“It’s one in a series of many,” she told The Independent. “It is between the knives and the guns and the speeding tickets with a revoked driver’s license. It’s sad and disappointing to the voters.”

A mistake that could ultimately lead to Mr Cawthorn’s downfall is that his critics allege he essentially forgot his constituents. In November, after the state legislature redrew its maps, Mr Cawthorn announced he would run in the newly drawn 13th District, which includes the Charlotte area.

In that announcement, he said “I’m afraid another establishment go-along-to-get-along Republican will prevail there,” as a pretext for his decision, which was viewed as a veiled swipe at Mr Moore, the House speaker, who was eyeing a run for Congress but ultimately passed on running. The Republican operative who requested anonymity to speak candidly said that was likely Mr Cawthorn’s undoing in Republican circles.

“What he attempted to do to Tim Moore really lost him all support of elected Republicans in North Carolina,” one senior Republican operative in North Carolina said on background to speak candidly.

What happened next further contributed to his predicament. In December, Mr Cawthorn paid a visit to Mar-a-Lago to meet with Mr Trump to show that he had endorsed Ms Woodhouse in North Carolina’s 11th District.

“Madison made the move to run in that Charlotte market,” Ms Woodhouse said. “And then reached out to me and said I want you to run as the America First candidate.”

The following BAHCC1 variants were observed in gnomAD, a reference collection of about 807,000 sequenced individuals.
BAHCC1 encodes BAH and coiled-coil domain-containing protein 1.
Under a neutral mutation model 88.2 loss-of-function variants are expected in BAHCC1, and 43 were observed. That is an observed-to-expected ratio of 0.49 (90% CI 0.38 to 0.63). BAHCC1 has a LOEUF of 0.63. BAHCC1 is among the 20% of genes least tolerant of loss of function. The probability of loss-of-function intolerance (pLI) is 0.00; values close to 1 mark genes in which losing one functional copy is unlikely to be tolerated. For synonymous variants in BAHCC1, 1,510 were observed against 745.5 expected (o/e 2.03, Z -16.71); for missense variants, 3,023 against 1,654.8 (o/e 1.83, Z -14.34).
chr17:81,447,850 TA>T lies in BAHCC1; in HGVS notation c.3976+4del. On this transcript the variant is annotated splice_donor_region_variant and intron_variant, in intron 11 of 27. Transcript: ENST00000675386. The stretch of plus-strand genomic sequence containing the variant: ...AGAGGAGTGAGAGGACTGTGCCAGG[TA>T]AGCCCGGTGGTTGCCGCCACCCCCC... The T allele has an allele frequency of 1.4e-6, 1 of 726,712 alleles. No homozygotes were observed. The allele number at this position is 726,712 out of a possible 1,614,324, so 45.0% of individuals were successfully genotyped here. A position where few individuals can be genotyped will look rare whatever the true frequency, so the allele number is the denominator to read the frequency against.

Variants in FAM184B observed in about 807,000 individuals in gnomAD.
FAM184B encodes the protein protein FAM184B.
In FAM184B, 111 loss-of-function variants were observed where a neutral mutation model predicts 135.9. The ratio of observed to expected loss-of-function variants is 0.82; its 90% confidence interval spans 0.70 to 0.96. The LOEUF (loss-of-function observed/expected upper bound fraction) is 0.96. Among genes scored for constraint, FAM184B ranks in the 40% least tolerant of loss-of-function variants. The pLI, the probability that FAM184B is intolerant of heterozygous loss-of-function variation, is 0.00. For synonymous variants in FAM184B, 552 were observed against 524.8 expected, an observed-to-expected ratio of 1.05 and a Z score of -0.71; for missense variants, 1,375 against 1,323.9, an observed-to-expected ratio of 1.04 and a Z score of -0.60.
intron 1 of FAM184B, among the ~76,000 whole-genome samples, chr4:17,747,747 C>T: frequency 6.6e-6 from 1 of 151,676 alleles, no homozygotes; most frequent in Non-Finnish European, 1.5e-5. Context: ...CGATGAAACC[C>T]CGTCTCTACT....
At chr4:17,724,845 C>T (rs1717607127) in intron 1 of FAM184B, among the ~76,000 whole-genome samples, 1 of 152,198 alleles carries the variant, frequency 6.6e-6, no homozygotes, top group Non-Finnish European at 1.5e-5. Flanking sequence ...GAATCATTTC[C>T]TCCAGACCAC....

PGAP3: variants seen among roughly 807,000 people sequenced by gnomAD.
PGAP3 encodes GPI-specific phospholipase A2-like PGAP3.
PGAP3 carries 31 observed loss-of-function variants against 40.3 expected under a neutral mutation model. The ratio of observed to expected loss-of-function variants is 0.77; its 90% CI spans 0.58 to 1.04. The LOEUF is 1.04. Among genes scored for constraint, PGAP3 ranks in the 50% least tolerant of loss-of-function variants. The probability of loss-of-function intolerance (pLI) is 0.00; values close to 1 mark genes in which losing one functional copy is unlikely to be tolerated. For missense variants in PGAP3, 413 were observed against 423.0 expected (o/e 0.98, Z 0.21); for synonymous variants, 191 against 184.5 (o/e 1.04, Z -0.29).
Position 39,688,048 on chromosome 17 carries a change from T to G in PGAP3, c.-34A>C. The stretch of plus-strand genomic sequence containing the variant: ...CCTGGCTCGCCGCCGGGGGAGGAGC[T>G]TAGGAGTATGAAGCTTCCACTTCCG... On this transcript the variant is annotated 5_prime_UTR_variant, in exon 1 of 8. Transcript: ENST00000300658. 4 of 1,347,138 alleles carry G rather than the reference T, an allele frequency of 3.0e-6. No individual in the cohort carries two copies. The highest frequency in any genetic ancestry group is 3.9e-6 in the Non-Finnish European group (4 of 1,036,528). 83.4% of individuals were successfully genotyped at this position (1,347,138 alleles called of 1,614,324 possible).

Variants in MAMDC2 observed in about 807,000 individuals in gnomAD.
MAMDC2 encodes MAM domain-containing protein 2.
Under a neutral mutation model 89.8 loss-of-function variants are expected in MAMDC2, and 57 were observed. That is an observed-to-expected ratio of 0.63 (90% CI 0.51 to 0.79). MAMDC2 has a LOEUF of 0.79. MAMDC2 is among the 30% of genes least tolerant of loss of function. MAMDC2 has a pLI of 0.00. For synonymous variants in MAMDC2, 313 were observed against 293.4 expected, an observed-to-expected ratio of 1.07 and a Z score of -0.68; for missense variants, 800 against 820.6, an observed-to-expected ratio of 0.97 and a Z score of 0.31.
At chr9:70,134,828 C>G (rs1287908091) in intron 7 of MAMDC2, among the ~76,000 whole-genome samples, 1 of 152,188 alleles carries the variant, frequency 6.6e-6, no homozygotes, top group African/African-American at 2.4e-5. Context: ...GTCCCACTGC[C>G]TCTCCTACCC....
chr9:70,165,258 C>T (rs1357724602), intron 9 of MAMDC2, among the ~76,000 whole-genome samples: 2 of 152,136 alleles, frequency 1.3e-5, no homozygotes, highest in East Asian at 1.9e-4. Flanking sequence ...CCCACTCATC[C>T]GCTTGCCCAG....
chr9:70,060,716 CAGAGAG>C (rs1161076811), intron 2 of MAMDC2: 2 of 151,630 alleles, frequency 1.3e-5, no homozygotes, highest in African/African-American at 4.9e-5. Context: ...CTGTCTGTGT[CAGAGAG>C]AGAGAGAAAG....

Madison Cawthorn at CPAC (Getty Images)

But then, North Carolina’s Supreme Court tossed out the new maps and Mr Cawthorn filed to run in the 11th District while Ms Woodhouse was still in the race.

“It’s what he did to the constituents,” she said, adding that he essentially thought that, “‘I’m going to go over here and it’s a shiny penny and I can win there and I can position myself to run for Senate in 2026.’” In addition, she alleges that Mr Cawthorn closed his constituent offices.

“The people of Western North Carolina, they don’t suffer fools,” Ms Woodhouse said. “They don’t want a member of Congress who is a national embarrassment. He has proven to be unelectable.”

For some Republicans, it was a long time coming.

“He’s just an absolute fallacy,” said Republican state representative Charles Jeter Jr. “His arrogance and his hubris have finally caught up with him. At least we think it has.”

Mr Cawthorn also doesn’t do interviews in the hallways of Congress, unlike many other members. And he didn’t respond to emails from The Independent requesting comment about whether these strings of incidents would harm him. Mr Edwards did not respond either.